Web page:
The non-profit I work for doesn't have a huge budget, but we would like to get into public service announcement production because we feel that television ads would really garner our organization a lot more attention.

Do you think that the local cable network might be keen on helping us out? I know that still do a lot of free public access television, so it might be a good way for use to get access to some more professional equipment. Though I suppose with all the digital equipment around these days, making a quality video is easier than ever.

letshearit
Post 7

There have been really great public service announcements over the last few decades. I think that public service announcement production keeps getting better and better thanks to the amount of funding they receive.

One of my favorite PSAs of all time was the house hippo ad by Concerned Children's Advertisers that showcased the life of an adorable house hippo. Though the commercial aired quite a few years ago on Canada television I still remember it clearly because of the great special effects that really got the message through. You can easily check the ad out on YouTube if you search for it. It's well worth a look in my opinion.

stl156
Post 6

@matthewc23 - Although I can see where you are going with your assessment of possible fear mongering I feel that this is done for the reason that you described.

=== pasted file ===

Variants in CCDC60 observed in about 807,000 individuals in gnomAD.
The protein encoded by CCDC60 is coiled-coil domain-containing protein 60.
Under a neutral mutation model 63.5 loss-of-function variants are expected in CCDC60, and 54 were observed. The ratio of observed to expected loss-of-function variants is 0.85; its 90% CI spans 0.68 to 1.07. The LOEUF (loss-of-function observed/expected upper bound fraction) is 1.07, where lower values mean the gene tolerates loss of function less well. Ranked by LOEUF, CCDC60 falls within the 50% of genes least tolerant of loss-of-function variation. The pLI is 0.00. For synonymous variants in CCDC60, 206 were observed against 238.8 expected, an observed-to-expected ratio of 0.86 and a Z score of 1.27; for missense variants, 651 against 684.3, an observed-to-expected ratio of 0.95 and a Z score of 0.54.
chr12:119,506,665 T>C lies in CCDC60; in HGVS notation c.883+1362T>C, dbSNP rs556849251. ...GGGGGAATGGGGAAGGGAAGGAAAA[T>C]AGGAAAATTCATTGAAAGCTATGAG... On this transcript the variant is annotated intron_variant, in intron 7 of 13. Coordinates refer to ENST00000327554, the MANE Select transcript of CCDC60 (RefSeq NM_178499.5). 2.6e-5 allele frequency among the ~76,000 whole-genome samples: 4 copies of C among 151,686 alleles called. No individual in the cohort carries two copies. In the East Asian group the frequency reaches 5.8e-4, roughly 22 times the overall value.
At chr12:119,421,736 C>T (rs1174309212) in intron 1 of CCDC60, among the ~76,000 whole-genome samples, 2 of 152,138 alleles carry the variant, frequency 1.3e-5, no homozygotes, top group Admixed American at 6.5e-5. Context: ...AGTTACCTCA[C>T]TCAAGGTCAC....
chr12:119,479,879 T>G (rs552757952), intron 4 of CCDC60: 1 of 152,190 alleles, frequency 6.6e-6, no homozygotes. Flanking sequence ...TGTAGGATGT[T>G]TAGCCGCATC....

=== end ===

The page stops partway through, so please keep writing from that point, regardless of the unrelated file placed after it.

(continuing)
A scary visual image is much more effective and longer lasting than simply having a famous person say not to do drugs. I cannot remember any good public service announcements that involved using a celebrity but I can sure remember many of these commercials that scared me to death as a kid.

Most of the arguments that are made against these commercials either say they are too scary or they come from supporters of the cigarette and alcohol industry or from the industries themselves. In reality, it should not effect their sales too much as once kids become old enough to buy either they are able to make their choices as grown adults.

I remember the commercial of the dad talking to the tombstone of his dead and it being a drunk driving public service announcement, but that does not stop me from enjoying a drink once in awhile. What it did for me as an adult is make me think of not to drive drunk and to be responsible if I were to have any drinks at all.

matthewc23
Post 5

@cardsfan27 - I have had a lot of of problems with some of the public service announcement commercials that have been on television over the years. I know that their message is to try and keep kids from having problems in the future and to try and educate them, but I feel that the way some of theses public service announcements have displayed this message induces fear mongering and in some instances I think is way too graphic for really young children.

I guess along the line they decided to use fear as the main driving point of their commercials because it would have a greater effect than having a famous person simply say to not do drugs.

cardsfan27
Post 4